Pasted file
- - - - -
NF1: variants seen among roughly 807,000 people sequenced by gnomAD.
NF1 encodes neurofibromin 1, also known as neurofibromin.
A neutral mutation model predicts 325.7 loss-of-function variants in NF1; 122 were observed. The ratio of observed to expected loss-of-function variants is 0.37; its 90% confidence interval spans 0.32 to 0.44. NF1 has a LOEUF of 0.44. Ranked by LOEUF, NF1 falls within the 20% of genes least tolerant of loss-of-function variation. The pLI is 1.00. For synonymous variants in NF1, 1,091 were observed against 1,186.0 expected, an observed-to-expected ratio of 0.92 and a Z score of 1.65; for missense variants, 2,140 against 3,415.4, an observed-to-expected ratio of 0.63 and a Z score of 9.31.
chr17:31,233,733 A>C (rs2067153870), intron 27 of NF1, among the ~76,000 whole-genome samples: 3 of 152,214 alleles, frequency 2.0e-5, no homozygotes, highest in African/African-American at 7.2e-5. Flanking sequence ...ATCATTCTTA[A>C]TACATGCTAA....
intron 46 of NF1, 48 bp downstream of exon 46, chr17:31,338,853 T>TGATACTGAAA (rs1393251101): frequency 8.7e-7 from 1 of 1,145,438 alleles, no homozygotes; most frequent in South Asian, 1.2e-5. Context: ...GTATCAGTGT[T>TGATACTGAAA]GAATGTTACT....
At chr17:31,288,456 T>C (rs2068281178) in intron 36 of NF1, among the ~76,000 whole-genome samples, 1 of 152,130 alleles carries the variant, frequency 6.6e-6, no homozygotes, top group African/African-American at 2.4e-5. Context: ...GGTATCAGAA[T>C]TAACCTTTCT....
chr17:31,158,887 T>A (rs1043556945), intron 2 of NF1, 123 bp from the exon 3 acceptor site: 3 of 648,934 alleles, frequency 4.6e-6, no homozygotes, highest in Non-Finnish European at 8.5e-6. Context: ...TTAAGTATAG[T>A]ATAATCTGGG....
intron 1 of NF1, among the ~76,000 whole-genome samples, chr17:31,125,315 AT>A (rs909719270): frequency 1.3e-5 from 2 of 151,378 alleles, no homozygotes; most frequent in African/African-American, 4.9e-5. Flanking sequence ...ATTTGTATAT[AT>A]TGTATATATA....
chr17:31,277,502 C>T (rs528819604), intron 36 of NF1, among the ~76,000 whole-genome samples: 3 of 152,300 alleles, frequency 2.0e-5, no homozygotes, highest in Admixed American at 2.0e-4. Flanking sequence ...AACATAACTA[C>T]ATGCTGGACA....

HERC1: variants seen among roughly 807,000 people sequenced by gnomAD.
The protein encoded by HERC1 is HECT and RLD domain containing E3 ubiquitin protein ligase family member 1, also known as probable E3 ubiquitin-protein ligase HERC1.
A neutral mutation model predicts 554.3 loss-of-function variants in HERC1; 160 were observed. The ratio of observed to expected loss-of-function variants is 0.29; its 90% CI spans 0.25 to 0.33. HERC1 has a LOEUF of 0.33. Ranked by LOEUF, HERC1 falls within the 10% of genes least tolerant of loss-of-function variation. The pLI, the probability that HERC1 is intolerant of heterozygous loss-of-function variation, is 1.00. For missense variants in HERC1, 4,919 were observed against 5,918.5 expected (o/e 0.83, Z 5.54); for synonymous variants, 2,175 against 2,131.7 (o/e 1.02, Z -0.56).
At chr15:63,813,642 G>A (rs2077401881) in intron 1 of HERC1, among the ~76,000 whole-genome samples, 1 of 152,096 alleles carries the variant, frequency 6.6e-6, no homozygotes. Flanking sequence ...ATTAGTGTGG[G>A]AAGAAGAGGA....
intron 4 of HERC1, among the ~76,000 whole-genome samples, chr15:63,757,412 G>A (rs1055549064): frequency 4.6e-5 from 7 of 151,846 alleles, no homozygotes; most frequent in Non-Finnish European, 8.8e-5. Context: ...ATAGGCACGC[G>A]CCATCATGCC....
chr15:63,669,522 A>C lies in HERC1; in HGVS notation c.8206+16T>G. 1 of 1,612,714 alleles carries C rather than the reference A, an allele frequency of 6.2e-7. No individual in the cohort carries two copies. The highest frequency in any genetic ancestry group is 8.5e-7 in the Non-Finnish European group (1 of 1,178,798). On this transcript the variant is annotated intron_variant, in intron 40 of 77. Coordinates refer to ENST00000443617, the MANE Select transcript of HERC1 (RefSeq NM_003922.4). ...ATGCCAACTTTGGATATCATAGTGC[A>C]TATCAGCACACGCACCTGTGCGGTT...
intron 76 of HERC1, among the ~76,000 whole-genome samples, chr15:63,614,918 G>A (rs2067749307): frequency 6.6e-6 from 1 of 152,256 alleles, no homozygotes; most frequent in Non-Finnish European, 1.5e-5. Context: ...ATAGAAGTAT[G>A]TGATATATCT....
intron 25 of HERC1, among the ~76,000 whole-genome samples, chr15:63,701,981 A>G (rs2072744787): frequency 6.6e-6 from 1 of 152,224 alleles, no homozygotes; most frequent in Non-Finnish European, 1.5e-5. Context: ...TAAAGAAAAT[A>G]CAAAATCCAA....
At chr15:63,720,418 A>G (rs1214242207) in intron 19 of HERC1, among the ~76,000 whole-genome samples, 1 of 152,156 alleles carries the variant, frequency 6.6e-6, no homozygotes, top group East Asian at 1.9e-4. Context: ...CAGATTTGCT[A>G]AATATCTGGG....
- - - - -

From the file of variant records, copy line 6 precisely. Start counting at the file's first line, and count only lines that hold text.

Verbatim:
At chr17:31,288,456 T>C (rs2068281178) in intron 36 of NF1, among the ~76,000 whole-genome samples, 1 of 152,130 alleles carries the variant, frequency 6.6e-6, no homozygotes, top group African/African-American at 2.4e-5. Context: ...GGTATCAGAA[T>C]TAACCTTTCT....